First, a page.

But there was an obvious substitute. Why couldn’t Marlow’s painful mouth be  replaced at the Senate hearing by his rising star, ATA and Legalise Vaping “Policy Director” Emilie Dye (now also grandly titled “Executive Director” of the HR Nicholls Society). Dye knows the topic inside-out,  has written various Spectator articles on tobacco and vaping and did a lot of LVA’s MP and media phone-bashing and media commentary on the June nicotine import ban. She has appeared before Senate committees before so that box was ticked too. And she was definitely not on holidays in the week before the hearing (busy cheering on/ taking credit for Perrotet/ NSW govt tax plans). She also comes with the added bonus of being  well accustomed to defending ‘think tank’ ATA’s funding secrecy, on Twitter.

So while all witnesses had to answer questions  on competing interests under oath,  Legalise Vaping Australia avoided doing so.

“Simon Chapman just lied under oath”

On the morning I gave evidence, I was asked early on by Senator Sheldon “Do you receive, or have your organisation ever received, direct or indirect support from the pharmaceutical industry, including travel, attendance at conferences or event sponsorship, including from manufacturers of nicotine replacement therapies?”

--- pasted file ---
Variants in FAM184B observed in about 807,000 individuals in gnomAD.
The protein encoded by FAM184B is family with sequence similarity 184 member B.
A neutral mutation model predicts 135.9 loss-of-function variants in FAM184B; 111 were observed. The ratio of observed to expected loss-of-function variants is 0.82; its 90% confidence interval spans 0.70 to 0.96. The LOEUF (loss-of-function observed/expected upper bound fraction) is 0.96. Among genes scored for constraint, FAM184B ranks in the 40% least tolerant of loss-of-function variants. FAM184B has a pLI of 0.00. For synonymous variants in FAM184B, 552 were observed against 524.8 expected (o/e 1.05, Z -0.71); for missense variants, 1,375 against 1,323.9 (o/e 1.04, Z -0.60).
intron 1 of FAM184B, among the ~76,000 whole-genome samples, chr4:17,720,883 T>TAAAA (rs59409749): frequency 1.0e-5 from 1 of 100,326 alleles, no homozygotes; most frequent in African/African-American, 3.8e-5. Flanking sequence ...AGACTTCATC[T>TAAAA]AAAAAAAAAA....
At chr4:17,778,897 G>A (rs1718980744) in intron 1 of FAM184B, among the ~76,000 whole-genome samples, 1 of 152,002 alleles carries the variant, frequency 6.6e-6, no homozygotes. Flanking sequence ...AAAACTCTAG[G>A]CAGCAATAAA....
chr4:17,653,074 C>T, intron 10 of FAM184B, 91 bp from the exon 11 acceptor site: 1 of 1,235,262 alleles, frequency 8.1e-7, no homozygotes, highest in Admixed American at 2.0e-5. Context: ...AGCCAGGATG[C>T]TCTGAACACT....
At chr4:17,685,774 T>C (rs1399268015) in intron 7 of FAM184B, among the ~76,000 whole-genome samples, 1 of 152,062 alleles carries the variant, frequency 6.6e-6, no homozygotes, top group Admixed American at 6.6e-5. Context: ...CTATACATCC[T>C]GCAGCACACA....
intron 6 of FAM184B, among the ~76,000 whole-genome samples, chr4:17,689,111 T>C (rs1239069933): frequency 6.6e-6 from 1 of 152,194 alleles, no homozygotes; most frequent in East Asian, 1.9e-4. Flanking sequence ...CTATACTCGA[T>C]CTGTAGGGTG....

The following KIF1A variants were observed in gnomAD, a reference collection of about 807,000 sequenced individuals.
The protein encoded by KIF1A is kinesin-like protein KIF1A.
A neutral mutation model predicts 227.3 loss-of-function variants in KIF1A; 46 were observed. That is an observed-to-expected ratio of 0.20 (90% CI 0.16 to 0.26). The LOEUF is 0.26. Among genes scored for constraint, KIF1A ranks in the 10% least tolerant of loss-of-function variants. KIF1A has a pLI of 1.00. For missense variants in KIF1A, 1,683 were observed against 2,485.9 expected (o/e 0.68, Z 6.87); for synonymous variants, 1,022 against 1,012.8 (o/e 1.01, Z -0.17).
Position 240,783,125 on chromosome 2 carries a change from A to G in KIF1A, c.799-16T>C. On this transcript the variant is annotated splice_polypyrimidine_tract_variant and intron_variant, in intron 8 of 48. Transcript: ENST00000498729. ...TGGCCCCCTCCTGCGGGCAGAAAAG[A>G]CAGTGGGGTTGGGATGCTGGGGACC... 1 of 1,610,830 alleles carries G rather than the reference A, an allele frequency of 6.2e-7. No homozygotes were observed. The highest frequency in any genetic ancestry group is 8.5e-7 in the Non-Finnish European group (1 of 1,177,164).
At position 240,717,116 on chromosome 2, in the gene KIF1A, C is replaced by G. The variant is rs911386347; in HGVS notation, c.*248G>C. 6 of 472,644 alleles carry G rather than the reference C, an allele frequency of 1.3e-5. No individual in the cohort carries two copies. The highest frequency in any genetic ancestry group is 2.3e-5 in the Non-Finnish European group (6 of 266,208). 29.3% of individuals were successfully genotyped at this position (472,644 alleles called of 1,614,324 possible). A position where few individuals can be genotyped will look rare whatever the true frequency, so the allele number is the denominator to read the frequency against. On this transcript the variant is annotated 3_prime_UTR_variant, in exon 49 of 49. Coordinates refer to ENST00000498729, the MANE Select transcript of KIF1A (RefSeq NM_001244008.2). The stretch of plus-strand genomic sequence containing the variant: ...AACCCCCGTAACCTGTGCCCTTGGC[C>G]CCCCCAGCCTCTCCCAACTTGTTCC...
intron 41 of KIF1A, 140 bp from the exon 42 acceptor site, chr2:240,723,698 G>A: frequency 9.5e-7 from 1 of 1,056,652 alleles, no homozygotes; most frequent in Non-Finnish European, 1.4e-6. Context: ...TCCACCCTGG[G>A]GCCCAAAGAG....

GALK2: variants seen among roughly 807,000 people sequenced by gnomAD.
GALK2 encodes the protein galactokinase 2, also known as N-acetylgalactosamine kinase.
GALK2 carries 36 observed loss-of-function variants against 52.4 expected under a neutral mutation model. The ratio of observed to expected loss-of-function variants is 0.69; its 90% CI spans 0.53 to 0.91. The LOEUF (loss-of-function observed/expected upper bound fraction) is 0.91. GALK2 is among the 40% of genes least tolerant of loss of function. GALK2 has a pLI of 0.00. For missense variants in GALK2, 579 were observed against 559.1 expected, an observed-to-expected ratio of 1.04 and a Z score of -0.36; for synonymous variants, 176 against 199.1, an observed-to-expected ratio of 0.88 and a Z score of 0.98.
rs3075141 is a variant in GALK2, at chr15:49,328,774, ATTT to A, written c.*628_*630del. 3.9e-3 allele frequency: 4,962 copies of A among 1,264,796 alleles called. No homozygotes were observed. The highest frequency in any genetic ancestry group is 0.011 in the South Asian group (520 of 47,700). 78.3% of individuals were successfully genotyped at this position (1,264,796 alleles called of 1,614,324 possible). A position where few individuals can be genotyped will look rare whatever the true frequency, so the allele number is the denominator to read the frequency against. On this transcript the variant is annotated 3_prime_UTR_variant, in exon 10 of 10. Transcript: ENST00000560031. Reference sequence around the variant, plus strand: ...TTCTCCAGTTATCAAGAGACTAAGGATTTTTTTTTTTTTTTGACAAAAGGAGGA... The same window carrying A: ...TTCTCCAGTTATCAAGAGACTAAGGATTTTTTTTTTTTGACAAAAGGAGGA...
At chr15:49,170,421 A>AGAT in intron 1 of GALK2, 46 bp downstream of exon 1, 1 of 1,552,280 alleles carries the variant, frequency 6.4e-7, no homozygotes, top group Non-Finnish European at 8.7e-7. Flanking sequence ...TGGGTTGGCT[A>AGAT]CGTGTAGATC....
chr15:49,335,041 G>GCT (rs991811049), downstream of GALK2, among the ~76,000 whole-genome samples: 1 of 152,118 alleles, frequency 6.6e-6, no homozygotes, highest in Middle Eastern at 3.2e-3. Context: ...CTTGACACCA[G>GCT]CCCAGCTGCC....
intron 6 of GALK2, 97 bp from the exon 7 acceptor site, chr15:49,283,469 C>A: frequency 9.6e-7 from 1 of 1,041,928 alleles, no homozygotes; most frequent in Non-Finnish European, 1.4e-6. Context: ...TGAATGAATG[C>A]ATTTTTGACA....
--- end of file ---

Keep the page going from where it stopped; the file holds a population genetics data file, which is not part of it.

Minutes later a vaping activist from Queensland who was watching the session live, tweeted to Hughes and Canavan “Simon Chapman just lied under oath. 2013 Simon Chapman was on the board of the Cancer Council and took money from Pfizer. Proof “(with a link to a Pfizer document about its charitable donations.

Toward the end of my evidence, Hughes who had not left the room during my evidence and so must have been reading her tweets or getting texts from a staffer who was, asked me if I had been on the Cancer Council board in 2013. As I’d served on the board of the Cancer Council NSW from 1997-April 2006, I thought it was an odd question and replied that no, I was not. I’d also never taken any funding from Pfizer and the “proof” was that Pfizer had given a small donation to a fun run and another to a meeting of people helping to counsel those with cancer.